Matzie: I remain humbled that the voters have entrusted me to be their representative voice in state government and remain committed to prioritize good policy that puts people first before partisan politics. As an independent voice I have worked in a bi-partisan fashion to get the job done. I have continued since my first term to use my experience working on policies and projects that helped create and retain jobs and increased investments in education. In my first term I stood up to party leaders and the Governor against an increase in broad based taxes and led the charge on passage of key legislation. This term I recently voted yes to reduce the size of the legislature and to put all state spending on a public website. I also voted yes to place a moratorium on court ordered reassessments and supported and helped steer legislation through the House that allowed for legislation that will aid job retention and job creation including our old industrial sites and brownfields. I voted no for the passage of the Marcellus shale legislation that stripped local government’s rights to impose zoning and to remove the ability to adequately protect our water and air. The legislation also ignored the Governor’s handpicked committee’s recommendations on an impact fee or tax settling instead on a lower amount.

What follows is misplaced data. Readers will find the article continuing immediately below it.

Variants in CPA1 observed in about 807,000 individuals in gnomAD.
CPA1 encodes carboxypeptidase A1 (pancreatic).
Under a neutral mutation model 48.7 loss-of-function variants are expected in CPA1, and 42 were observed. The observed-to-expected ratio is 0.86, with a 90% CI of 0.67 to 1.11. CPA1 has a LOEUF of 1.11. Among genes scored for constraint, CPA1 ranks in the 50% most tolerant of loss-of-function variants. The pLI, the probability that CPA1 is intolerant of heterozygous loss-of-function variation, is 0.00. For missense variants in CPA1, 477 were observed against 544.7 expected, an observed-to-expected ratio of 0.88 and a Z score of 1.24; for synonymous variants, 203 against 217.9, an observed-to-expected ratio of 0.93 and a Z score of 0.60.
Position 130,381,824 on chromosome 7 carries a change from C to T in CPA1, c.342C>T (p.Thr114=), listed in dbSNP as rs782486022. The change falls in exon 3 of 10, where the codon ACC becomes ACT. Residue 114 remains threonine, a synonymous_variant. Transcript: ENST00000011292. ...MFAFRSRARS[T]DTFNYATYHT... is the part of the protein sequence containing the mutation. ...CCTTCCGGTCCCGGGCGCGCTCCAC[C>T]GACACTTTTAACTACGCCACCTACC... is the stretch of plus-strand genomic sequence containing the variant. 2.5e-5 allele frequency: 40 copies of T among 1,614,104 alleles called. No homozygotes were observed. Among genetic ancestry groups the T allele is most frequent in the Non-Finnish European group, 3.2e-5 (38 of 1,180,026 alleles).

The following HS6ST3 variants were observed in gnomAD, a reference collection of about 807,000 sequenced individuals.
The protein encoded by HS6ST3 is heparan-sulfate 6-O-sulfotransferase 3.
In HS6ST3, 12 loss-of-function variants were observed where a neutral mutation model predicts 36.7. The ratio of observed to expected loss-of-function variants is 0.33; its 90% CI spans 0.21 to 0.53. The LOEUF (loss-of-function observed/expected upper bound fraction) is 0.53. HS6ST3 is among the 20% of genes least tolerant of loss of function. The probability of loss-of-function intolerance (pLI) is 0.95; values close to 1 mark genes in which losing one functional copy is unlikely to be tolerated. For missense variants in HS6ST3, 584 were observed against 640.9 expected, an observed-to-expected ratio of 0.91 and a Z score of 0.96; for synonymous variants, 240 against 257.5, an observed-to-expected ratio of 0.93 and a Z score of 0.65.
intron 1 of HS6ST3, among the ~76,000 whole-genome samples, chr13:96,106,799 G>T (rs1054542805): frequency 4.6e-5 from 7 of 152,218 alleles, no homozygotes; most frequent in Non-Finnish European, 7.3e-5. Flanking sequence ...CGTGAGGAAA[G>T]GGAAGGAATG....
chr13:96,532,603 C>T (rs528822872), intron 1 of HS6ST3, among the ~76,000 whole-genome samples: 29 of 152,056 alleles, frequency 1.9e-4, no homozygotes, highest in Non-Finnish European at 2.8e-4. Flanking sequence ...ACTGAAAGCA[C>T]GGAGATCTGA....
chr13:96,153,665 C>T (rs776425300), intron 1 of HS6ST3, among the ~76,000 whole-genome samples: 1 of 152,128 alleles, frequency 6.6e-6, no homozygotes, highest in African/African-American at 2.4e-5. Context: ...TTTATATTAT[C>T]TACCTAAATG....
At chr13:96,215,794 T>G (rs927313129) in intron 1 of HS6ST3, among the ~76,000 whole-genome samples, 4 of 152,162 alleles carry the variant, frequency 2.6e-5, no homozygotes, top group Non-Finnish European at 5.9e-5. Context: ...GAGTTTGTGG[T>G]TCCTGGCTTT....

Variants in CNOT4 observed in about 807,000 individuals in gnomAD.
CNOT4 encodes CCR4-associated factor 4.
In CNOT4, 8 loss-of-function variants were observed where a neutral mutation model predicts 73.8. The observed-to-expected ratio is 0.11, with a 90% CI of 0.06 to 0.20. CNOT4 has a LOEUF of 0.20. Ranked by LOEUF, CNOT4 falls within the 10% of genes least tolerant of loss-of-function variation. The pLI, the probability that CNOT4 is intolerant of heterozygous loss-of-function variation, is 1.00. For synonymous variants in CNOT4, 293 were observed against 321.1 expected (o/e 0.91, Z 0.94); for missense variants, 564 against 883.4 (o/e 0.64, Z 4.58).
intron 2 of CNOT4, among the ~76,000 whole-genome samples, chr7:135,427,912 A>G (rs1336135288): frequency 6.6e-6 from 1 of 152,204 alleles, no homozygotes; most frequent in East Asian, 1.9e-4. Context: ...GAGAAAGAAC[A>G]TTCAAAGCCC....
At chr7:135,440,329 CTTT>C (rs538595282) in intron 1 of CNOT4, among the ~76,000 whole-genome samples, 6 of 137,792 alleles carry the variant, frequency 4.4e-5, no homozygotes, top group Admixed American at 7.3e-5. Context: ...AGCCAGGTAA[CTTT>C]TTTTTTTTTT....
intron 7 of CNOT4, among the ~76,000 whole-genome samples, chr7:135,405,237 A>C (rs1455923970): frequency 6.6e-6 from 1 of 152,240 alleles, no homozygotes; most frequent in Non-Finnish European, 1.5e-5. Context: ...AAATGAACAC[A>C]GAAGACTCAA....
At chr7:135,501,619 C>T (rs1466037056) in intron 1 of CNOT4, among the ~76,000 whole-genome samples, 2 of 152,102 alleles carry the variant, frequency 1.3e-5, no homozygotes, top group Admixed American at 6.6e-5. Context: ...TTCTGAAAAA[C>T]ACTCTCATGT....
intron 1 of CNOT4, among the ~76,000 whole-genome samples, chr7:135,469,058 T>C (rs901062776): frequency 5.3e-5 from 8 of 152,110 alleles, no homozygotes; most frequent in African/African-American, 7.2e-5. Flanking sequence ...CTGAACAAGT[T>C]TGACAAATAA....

Related Experience: Matzie holds an associate's degree in technology and communications from the Community College of Beaver County and a bachelor's degree in journalism from Point Park University.

Matzie was the programming manager for WMBA-AM 1460 and still does some high-school football radio broadcasts.

Matzie was elected in 2008 to the state House after serving for 14 years as a state senate staffer and as an appointment member on various boards in Ambridge. He served out the term of the late Ambridge Mayor George Kyrargyros from 2002 to 2003 after he passed away. 

The Pennsylvania primary is scheduled for April 24. Click here for more information about local races and candidates. Check back with Patch for coverage of other local races and more candidate profiles.